Where is the most expensive medical work preformed? The hospital. The United States public is already paying for the health care of those uninsured and underinsured by the means of hospital bills. Rather than these people getting the preventative measured they need they are forced, or choose, to go without because of the exorbitant price.  In a few months they will get the care they need from the hospital staff, but you can bet this far down the road it will not be their last visit.  At this point they will need to make regular stops at their hospitals, they will not able to secure health insurance, and will be caught in the rapid whirlpool of health care with no hope of escape.  As the platitude rightly states:

"An ounce of prevention is worth a pound of cure."

Out of the federal budget (not GDP) the United States spends 23% on the Department of Defense, formerly the Department of War, which for 2011 has a predicted budget of $1.003–$1.223 trillion $1,223,000,000,000.00.  That is about $4,000 a person. Maybe instead of sending off trillions of dollars to other countries to fix their governments, the United States should look to fix their own first.  Instead of spending their money on guns that are in part responsible for the 5,400 Americans that have died in war this past decade and 120,000 Afghanis and Iraqis, maybe it should be spend in saving the lives of the (estimated) 3,377,000 Americans that, in the same amount of time, died unnecessarily due to the inefficiency of health care. 

Wednesday, May 19, 2010

The Sign of Jonas Blog

     I have recently started a new personal Mormon based religion blog called The Sign of Jonas.   I invite you who are religiously inclined to follow the posting that will be published there. If you are interested in authoring for this site below is an email sent out to those specifically invited to join our community.

The reason I have created this new blog and did not choose simply to express my ideas on the Know Justice blog is because that this blog, in my mind, is to be an unbiased look at things as they are. This has been my goal in publishing on Know Justice: to provide facts and reasonable assertions with a minimal amount of authoritative conclusions but leaving the conclusions to the reader.  

          On The Sign of Jonas blog, it will be approached from a biased pre-supposed position.  It will examine information with an assumption of the faiths validity and from a faith perspective rather than secular knowledge.  It will be addressed to those who have knowledge of The Church of Jesus Christ of Latter-day Saints, its doctrine and its history.  In my vision of this blog, this is not the place to be pushing my own personal beliefs.  I would prefer to keep those ideas separate from the ideas on Know Justice to best insure the unbiased nature of the blog which I have strived to observe.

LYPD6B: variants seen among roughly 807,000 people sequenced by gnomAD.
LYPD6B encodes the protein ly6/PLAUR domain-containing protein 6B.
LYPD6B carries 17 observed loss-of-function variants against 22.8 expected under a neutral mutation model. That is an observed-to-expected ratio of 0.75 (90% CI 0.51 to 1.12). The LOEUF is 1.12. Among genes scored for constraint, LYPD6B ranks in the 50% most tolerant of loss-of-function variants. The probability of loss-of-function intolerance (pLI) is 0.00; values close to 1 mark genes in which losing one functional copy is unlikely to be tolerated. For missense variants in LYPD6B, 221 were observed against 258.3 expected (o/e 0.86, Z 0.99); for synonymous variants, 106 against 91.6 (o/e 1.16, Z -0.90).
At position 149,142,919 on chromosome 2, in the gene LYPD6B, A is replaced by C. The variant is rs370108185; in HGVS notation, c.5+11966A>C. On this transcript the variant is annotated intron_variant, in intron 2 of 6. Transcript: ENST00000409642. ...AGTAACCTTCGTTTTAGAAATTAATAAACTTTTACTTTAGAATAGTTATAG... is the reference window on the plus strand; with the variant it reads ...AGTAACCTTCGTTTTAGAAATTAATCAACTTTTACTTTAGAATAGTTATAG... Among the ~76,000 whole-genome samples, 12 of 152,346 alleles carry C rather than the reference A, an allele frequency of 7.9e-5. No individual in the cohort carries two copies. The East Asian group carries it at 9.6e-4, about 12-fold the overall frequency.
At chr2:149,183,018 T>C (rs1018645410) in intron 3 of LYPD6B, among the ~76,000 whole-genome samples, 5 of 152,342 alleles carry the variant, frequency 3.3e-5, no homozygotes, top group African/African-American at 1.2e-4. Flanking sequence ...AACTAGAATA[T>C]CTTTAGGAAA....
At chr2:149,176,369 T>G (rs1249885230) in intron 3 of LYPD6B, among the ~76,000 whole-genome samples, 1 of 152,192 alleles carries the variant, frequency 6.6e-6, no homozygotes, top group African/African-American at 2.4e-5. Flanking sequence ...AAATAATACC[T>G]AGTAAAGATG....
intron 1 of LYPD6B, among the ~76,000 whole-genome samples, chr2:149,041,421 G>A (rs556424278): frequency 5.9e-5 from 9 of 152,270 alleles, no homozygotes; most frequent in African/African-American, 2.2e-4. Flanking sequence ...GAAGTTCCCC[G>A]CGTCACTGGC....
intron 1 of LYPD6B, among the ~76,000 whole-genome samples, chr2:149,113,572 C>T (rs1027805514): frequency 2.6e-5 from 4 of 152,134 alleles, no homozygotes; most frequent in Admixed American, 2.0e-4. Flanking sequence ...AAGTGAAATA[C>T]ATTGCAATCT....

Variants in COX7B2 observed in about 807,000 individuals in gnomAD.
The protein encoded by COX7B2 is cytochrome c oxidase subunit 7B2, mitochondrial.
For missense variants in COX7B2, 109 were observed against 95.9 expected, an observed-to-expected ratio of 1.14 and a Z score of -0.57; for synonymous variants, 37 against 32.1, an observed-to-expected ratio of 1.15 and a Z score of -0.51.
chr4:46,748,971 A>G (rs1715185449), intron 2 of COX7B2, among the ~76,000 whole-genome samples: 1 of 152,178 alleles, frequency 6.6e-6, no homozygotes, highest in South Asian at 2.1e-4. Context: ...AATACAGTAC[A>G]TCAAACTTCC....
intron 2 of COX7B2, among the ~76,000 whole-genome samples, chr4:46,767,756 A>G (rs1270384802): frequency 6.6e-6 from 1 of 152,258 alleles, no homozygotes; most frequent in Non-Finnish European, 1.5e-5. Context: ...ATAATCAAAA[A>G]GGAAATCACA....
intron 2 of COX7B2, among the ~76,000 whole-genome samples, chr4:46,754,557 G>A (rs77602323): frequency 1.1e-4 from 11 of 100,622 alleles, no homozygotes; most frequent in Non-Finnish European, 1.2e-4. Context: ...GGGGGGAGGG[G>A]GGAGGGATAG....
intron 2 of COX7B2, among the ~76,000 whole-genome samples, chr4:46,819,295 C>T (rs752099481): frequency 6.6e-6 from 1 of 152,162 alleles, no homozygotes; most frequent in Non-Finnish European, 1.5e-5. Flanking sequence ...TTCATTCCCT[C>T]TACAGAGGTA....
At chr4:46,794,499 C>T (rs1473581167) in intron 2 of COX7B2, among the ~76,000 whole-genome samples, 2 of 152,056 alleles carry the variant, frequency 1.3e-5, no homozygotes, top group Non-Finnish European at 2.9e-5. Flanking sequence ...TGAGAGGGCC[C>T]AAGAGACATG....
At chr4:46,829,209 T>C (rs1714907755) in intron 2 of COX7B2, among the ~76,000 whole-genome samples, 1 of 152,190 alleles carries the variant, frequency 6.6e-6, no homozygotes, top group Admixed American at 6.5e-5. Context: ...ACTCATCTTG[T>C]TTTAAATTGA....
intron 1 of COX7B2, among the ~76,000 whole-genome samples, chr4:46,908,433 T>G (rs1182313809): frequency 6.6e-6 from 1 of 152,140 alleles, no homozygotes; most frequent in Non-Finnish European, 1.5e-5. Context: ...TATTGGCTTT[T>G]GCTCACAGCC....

Thank you for your support.

For further information about The Sign of Jonas blog, see the following links:


This is a formal invitation to join us as an author of the academic research blog "The Sign of Jonas" blog.  This is a newly initiated multi-author blog that has a focus on The Church of Jesus Christ of Latter-day Saints.  Each of the authors of this blog has a unique and distinct focus on the blog that has chosen by the authors.
The Sign of Jonas blog team is currently searching for "Regular Publishers" (once a month 1,000-2,000 word post), along with authors willing to publish occasional or incidental posts as a "guest" blogger.    
You have been recommended as one who has the interest and the ability to create academic and coherent religious studies. We would welcome your contribution and support in whatever way you wish.
As an author you would have administrative power over The Sign of Jonas Blog, and The Sign of Jonas Forum, where you help moderate discussion.  Also as an author there is a section in the forum restricted for authors only wherein ideas and plans are discussed, which will be coordinated by The Sign of Jonas Calender.
If being a Regular Publisher interests you please review the attacked "Expectations of the Authors of The Sign of Jonas Blog" then follow the instruction under the "Application Form for Authorship on The Sign of Jonas Blog" attachment.

If you are interested in becoming a Guest Author it is only needful to read and follow the instruction in the "Application Form for Authorship on The Sign of Jonas Blog".

Your response will be reviewed by the existing member of the team and we will respond to your e-mail by the end of May.  After this period there will be Author discussions on the forum.  The blog is anticipated to launch its first post June 6th 2010. 

Thank you for you time, we hope to hear from you soon,

The Sign of Jonas Team

P.S. If you know of others who would be capable and might be interested in participating please forward this message along to them.